My momma told me that if my husband ever hit me, I should pack my bags, leave and never look back. I believed her — I was certain I would never let anyone physically hurt me.
He never raised his hand and he never raised his voice. His words were delivered with quiet precision, like clenched fists in soft suede gloves.
You’re ugly, selfish, ignorant and stupid. You’re lucky I married you because no one else would put up with you. You’re difficult to love.
There was nothing I could do right — the food I cooked was tasteless, the bathroom floor was covered in my hair, and my clothes took up too much space in the wardrobe. When he was tired of reminding me of how I should behave, he lapsed into silence.
When I tried to apologise, to change the subject, to fix what I had broken, he brushed me away with a sweep of his hand, his eyes never leaving the computer screen or the television. He took to wearing his iPod most of the time, shaking his head when I approached. The air grew thick and sluggish, like stagnant water in the bottom of a pond.
Later, strange things started to happen. My shoes weren’t near the front door but in another room, the bracelet he bought me for my birthday went missing, the bottle of rum he professed he would never drink was almost empty.
When I asked about these mysteries he looked at me as though I had lost my mind. “You need psychiatric help,” he sneered.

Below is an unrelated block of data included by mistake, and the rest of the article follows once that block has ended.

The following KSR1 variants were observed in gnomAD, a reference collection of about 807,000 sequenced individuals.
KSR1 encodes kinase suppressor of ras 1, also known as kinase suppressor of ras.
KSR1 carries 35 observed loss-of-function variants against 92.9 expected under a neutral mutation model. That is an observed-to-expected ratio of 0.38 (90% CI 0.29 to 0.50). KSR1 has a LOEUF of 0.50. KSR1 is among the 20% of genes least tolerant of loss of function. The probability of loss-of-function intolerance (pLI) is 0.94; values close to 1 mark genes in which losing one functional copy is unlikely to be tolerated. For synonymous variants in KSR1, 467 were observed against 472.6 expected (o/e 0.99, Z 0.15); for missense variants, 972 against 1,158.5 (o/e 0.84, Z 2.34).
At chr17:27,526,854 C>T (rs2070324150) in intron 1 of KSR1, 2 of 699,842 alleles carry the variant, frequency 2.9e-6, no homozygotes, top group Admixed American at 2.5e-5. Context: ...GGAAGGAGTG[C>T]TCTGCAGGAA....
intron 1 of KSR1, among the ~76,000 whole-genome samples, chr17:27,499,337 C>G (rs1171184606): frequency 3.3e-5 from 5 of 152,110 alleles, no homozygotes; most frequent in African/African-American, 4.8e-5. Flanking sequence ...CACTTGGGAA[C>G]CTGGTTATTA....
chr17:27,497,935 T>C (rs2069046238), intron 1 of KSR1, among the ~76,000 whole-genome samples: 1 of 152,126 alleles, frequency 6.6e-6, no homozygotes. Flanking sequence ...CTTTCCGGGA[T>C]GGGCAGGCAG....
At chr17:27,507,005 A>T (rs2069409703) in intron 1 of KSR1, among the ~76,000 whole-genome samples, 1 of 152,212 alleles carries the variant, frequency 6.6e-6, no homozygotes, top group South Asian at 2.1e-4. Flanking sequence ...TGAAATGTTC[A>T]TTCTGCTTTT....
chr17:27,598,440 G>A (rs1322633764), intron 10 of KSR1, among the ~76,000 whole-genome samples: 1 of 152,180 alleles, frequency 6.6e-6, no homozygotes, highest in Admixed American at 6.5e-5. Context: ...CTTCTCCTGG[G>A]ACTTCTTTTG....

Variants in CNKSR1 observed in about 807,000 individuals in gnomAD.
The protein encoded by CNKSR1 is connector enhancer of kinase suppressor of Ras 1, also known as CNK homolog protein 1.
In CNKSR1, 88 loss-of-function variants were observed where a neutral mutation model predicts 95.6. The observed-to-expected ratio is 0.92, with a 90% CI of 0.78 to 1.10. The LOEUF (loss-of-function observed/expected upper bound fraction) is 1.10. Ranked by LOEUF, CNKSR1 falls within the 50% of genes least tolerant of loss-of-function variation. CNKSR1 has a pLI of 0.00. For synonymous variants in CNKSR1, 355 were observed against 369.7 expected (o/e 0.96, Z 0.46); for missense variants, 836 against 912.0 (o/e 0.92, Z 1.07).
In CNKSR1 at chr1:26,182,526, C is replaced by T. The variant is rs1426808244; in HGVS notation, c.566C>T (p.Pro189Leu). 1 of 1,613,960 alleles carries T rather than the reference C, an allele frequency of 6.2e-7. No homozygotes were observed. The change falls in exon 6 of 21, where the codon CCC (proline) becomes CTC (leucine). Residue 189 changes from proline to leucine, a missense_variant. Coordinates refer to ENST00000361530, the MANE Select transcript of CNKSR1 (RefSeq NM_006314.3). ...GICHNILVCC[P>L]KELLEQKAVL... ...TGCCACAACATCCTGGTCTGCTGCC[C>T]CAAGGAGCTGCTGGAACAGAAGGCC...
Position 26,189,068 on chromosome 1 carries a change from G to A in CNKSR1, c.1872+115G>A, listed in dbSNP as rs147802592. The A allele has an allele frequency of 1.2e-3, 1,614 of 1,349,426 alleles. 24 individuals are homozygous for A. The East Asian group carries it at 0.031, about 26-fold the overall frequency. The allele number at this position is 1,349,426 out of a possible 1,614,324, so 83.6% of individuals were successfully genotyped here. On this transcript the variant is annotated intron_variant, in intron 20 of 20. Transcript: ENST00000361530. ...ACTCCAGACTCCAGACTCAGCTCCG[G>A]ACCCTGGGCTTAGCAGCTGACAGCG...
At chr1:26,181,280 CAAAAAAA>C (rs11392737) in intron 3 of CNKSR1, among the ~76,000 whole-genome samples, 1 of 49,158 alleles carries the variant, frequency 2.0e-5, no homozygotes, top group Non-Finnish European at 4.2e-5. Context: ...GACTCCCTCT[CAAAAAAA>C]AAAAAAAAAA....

I tried to tell him once about my eating disorder. Half way through the first sentence he rolled his eyes and laughed. “Stop being a drama queen,” he said. “You’re pathetic.”
It took me weeks to muster up the courage to tell him I thought our marriage needed help. The words caught in my throat before emerging choked and jagged. “Could we go to counselling?” I asked. The answer was no.
I forgot who I was, I forgot I had choices, I forgot I was strong and smart and beautiful. He held his hands over my eyes so I could no longer see the truth.
My momma told me that if my husband hit me, I should pack my bags, leave and never look back.
But she didn’t tell me about the bruises you can’t see.
October is domestic violence prevention month.
Click here if you or someone you know needs help.